According to the present invention, a method is provided that satisfies the need to reconstruct actual network communications. The method permits control of the display of the content of actual web sessions, the ability to control the display of web sessions, and recreation of files transported over a network. The method may be used to recreate both previously stored and real-time network communications.
 The first step is to collect or capture the packets in transit over a network. This may be accomplished using known technology, such as a network packet capture device or sniffer. The packets are stored on a storage medium, such as a hard drive or in memory, for analysis and use.
 A computer processor selects a portion of the packets, typically by selecting packets captured by the sniffer during a given time interval. The selected packets are read sequentially from the storage, that is, a first packet is read and decoded. If the packet is either a request or a response, the packet is added to a sorted list, preferably using the Transaction Control Protocol/Internet Protocol (TCP/IP) address and port number. The next packet is then read and decoded, and processed in the same way, until all of the selected packets have been processed.
 According to the method, the computer program next recreates a communication that occurred between a computer and the network. This is performed by first retrieving a packet from the sorted list that is associated with the communication in question. If the packet is a request packet or other initiation packet, the request information may be stored as raw data or as formatted data, that is, in data structures for later use. The formatted data may later be used to represent a network communication session of request and response packets.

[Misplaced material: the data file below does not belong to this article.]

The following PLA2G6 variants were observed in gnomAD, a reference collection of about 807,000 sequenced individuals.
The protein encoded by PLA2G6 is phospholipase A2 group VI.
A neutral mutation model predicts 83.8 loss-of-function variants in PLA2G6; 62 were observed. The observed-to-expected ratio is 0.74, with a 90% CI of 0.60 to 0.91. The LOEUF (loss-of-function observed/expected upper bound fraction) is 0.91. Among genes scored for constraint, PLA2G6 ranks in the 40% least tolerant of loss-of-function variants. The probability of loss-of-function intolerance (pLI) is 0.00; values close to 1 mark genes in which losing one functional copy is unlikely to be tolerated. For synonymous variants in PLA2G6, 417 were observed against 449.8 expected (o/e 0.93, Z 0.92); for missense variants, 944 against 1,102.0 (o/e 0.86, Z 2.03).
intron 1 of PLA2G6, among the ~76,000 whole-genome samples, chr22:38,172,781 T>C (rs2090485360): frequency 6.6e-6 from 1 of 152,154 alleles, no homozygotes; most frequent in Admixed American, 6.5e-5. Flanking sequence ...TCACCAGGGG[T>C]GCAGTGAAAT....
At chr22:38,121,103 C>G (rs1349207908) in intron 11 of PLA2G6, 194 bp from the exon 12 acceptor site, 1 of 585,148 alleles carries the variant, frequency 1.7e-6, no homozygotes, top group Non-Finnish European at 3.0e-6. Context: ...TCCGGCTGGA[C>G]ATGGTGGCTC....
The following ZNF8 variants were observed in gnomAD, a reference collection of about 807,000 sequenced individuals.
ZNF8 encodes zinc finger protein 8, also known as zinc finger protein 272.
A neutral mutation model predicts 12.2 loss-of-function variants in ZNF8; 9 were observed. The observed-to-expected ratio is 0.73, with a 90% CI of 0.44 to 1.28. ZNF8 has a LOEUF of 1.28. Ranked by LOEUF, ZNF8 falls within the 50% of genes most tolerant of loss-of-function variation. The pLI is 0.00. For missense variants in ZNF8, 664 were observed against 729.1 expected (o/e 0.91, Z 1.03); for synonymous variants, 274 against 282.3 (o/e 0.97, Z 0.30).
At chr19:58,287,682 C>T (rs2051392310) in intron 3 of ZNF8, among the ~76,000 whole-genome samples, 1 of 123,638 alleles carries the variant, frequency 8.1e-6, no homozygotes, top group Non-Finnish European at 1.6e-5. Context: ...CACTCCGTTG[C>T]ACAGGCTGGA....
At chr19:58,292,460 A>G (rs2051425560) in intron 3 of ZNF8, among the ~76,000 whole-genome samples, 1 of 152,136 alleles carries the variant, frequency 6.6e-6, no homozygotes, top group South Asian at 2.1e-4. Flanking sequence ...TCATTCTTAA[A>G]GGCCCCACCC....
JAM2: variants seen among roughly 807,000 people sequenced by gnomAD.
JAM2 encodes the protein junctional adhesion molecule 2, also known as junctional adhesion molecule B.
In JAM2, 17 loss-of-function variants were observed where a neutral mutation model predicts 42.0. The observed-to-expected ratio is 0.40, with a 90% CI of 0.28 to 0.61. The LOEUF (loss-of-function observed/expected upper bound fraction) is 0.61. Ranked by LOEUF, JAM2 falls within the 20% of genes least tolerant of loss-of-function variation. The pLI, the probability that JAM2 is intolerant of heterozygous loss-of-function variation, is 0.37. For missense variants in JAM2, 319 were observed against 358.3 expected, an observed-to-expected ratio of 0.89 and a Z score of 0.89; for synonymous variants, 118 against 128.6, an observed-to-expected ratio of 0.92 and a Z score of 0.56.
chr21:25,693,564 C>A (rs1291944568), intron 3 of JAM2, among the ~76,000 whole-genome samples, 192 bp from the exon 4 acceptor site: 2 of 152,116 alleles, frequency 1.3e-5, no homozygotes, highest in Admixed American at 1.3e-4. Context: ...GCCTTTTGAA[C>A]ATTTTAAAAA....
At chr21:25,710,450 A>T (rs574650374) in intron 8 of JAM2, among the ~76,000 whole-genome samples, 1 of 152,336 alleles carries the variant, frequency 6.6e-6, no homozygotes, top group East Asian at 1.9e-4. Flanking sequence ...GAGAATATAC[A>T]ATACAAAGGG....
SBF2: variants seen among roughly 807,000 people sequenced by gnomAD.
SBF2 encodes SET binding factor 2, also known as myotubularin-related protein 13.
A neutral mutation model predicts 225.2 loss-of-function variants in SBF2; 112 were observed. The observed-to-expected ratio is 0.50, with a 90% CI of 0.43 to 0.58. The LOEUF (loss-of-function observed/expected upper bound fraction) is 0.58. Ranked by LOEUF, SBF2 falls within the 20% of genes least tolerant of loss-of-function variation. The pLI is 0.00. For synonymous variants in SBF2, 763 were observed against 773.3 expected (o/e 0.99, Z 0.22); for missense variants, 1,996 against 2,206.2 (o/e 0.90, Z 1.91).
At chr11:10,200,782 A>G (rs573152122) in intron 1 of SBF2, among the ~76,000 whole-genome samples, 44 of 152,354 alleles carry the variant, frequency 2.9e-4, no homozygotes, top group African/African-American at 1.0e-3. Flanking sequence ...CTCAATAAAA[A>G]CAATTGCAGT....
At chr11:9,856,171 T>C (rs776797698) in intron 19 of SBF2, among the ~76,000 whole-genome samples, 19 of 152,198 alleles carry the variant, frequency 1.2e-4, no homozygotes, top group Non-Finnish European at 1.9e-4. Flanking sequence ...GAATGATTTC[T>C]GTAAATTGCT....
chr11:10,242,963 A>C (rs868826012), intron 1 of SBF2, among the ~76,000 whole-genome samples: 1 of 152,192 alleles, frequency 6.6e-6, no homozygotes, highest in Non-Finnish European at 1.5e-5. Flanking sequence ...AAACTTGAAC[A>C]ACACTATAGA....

If the packet is a response packet, and there is a given file associated with the response packet, the data relating to the file is extracted, a reconstructed file created, and the data appended to that reconstructed file. If the given file is a script-type file, a name that represents the given file is appended to a script master list. Each packet is similarly analyzed and the data extracted and appended to the reconstructed file until the last response packet associated with the given file has been analyzed, at which point the reconstructed file is closed.
 Next, the communication may be displayed on a computer monitor. This display may be merely a display of what the user saw in the communication, or, preferably, both the prior display and other information. Inclusion of control information permits better analysis of the network communication.
 Other features and advantages of the present invention will be apparent from the following Detailed Description taken in conjunction with the accompanying Drawings, in which: